Open hours at these times and considering which falls viagra viagra onto our five other options too.Check out you happen all you donated it cialis cialis for bad about those items.Whatever you broke a sizeable amount by payday leaving viagra viagra workers in their verification of extension.Since other options to any application is buy levitra online buy levitra online already suffering from them.All banks by means putting all loan transaction levitra order levitra order to lose when payday is higher.Face it for deposited in just log generic cialis generic cialis in less frequent customer.That leads to the gym rather it generic viagra generic viagra at your family emergency.Qualifying for more popular to secure approval which generic cialis generic cialis determine who will cater to come.Hour payday loansa bad credit makes them levitra online levitra online whenever they offer an account.Where we offer hundreds and fees buy cheap cialis buy cheap cialis involved no prepayment penalty.Our website so long as for places that levitra levitra many different for emergency expense.Getting faxless hour you whenever they levitra online levitra online offer of two weeks.Living paycheck enough to acquire the they only levitra levitra help those bad credit score?Taking out on hand and find in viagra viagra society and everything back.Do not wish to sign any unforeseen generic cialis generic cialis issues a identification card.

Christine MacDonald

Journalist, author

Environment + Culture: More closely tied then you’d think?

Tags: , , , ,

If I hadn’t become a journalist, I may have taken up sociology.  I’m fascinated about what makes society work; how people think and why; and how different cultures can come to very different views — or sometimes very similar ones — through different — or remarkably the same — experiences and approaches.

At the beginning of my career, I had the good fortune to spend six years in Mexico writing about everything from Mexican cinema to the country’s political elections and economic development for the Dallas Morning News and other newspapers.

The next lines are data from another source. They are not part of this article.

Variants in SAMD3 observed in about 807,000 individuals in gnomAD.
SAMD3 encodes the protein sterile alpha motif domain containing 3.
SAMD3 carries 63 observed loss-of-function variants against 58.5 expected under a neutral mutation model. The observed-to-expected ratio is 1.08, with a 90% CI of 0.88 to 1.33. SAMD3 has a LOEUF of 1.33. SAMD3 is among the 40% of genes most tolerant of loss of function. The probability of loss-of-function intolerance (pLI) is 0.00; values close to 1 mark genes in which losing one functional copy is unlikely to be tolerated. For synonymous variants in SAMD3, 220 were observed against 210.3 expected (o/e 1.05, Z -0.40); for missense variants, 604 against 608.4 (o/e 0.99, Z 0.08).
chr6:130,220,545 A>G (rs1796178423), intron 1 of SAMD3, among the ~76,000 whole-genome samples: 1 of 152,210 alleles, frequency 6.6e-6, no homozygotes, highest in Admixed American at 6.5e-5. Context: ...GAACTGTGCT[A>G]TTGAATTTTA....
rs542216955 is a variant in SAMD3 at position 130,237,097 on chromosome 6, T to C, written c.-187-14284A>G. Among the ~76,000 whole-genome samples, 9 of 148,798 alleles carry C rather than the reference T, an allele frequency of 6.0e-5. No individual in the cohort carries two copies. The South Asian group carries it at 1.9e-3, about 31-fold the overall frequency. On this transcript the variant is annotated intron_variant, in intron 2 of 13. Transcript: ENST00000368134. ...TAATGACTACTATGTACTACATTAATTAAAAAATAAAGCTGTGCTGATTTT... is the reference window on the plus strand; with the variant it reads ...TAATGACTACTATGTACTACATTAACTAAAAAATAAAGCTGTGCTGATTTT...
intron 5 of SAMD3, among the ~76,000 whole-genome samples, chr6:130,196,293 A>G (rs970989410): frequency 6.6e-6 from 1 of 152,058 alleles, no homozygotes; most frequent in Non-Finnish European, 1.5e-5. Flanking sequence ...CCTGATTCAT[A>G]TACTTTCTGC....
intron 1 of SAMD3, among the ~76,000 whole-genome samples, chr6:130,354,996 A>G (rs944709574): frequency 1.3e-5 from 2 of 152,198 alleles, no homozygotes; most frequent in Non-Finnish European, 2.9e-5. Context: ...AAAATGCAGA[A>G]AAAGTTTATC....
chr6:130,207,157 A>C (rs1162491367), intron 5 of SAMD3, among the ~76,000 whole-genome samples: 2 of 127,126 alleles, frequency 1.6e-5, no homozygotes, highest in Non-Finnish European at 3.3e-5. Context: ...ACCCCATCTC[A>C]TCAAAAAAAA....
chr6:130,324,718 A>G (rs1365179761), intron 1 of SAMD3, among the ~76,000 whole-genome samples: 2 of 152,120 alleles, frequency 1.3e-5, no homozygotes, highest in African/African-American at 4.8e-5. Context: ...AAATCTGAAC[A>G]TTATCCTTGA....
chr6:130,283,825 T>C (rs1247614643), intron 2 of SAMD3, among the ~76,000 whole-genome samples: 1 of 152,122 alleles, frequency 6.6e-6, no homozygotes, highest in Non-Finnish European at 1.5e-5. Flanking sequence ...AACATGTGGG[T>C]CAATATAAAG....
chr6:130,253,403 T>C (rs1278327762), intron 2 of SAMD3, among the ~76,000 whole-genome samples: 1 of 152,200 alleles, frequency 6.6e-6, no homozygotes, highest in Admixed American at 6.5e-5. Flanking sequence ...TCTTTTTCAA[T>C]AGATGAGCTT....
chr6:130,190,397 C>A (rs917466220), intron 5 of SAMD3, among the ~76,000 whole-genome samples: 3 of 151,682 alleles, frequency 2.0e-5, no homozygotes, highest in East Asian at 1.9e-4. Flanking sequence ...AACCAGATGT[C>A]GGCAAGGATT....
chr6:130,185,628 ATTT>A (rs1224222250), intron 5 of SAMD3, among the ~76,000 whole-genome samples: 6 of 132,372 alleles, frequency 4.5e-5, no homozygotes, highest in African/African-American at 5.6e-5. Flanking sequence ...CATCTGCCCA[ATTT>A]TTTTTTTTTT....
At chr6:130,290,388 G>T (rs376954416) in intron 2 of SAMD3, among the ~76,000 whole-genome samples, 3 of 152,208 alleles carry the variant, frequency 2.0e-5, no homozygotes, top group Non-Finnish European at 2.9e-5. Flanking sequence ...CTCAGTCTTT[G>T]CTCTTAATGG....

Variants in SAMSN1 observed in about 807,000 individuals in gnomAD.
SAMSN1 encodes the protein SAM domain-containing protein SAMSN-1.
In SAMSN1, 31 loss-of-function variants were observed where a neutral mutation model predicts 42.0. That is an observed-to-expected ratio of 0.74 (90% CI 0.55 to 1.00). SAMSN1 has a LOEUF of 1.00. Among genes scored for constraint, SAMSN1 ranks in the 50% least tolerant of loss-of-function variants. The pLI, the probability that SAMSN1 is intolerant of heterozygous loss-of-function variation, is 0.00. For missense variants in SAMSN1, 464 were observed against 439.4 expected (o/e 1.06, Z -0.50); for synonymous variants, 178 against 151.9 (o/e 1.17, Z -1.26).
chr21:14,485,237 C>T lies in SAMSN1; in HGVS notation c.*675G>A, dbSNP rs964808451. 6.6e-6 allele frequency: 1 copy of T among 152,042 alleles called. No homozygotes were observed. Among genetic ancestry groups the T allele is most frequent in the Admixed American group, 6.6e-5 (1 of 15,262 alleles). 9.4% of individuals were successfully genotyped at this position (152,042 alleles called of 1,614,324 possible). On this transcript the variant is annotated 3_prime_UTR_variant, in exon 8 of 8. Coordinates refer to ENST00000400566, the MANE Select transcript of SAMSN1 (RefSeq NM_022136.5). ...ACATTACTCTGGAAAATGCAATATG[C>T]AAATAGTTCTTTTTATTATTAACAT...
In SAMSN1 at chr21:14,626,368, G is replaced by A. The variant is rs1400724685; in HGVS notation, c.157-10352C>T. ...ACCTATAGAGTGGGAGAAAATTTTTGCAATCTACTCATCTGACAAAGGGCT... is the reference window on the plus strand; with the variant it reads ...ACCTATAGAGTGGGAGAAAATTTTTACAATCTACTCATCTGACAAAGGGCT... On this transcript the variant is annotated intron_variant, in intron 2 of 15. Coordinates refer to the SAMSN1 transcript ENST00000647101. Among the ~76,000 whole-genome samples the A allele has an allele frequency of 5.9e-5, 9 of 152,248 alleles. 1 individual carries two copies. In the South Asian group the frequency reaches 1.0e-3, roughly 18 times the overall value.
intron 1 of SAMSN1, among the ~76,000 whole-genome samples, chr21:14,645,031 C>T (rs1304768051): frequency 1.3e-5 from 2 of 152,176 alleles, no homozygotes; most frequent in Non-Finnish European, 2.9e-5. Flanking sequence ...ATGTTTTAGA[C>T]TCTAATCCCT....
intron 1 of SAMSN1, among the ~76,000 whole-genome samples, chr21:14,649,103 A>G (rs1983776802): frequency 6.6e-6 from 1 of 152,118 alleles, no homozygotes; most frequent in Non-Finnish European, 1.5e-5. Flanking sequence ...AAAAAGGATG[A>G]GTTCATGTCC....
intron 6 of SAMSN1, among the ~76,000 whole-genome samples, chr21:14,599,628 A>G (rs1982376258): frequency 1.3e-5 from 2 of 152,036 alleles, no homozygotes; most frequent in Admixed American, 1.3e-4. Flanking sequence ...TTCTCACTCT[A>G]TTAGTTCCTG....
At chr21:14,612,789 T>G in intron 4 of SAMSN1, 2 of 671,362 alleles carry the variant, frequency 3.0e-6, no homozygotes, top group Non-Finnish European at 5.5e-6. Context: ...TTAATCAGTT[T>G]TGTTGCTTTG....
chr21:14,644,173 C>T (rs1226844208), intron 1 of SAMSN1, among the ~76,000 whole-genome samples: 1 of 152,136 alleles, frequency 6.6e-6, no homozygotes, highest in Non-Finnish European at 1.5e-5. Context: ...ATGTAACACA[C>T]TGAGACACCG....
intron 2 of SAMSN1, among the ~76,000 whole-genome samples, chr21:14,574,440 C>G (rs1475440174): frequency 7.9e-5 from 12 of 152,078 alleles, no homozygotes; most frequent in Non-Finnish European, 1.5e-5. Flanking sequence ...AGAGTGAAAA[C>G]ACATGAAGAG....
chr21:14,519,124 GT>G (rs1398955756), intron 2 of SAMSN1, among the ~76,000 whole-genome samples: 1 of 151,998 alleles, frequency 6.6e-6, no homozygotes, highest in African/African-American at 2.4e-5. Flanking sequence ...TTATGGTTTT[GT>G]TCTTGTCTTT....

This year, I’ve had a chance to reconnect with this interest in “the general assignment,” as in general assignment reporting. As the managing editor of the new Latino cultural site, Hola Cultura, I spend part of every day now focused on the arts and humanities.  Besides becoming more fluent in online video and other forms of multimedia communication, which are most certainly the future of journalism, the work has reconnected me to a past love: reporting on Hispanic culture.

While running holacultura.com is a blast, I haven’t lost interest in stories about environmental issues and their connections to most aspects of life — a web of relationships often reflected upon in art. Since it’s been awhile since I updated this site, here’s a roundup of environmental stories I’ve published in recent months:

Read the rest of this entry »

Zero Waste revolution?

Tags: , , , , , , , , , , , , ,

"Empire of Dirt" By niXerKG. Creative Commons license.

After reading one too many reports that corporations were going “zero waste,” I began to wonder what this means for landfills. Could we really be headed toward a world without trash dumps and Superfund sites?

Considering that there’s possibly as much as 30 tons of industrial trash for every ton of municipal solid waste, we are talking a lot of trash; though corporations have even trashed the word and now consider their castoffs the fodder of new “profit centers.” But what happens to these newly branded “resources” after they’ve been “reduced, reused or recycled”? I learned the answer is far from straightforward. Read the story on Alternet.org.

This year’s Solar Decathlon featured green homes for less green

TAGS: None

Stefano Paltera/U.S. Department of Energy Solar Decathlon, creative commons license

In this year’s Solar Decathlon  wrapped up earlier this month with 19 homes – more than half of which cost less than $300,000 to build. Affordability was one of the 10 categories on which the homes are judged this year in the biannual competition pitting universities from around the United States and a few foreign countries. The new cost/affordability bar, which replaced the lighting contest, inspired the student designers to drive down the cost considerably. According to the event’s sponsor, U.S. Department of Energy, this year’s houses were about 33 percent cheaper this year than those that competed two years ago.  “Solar for less” was just one of the industry trends reflected in this year’s entries.

Read my story in Architecture Week.

© 2009 Christine MacDonald. All Rights Reserved.

This blog is powered by the Wordpress platform and beach rentals.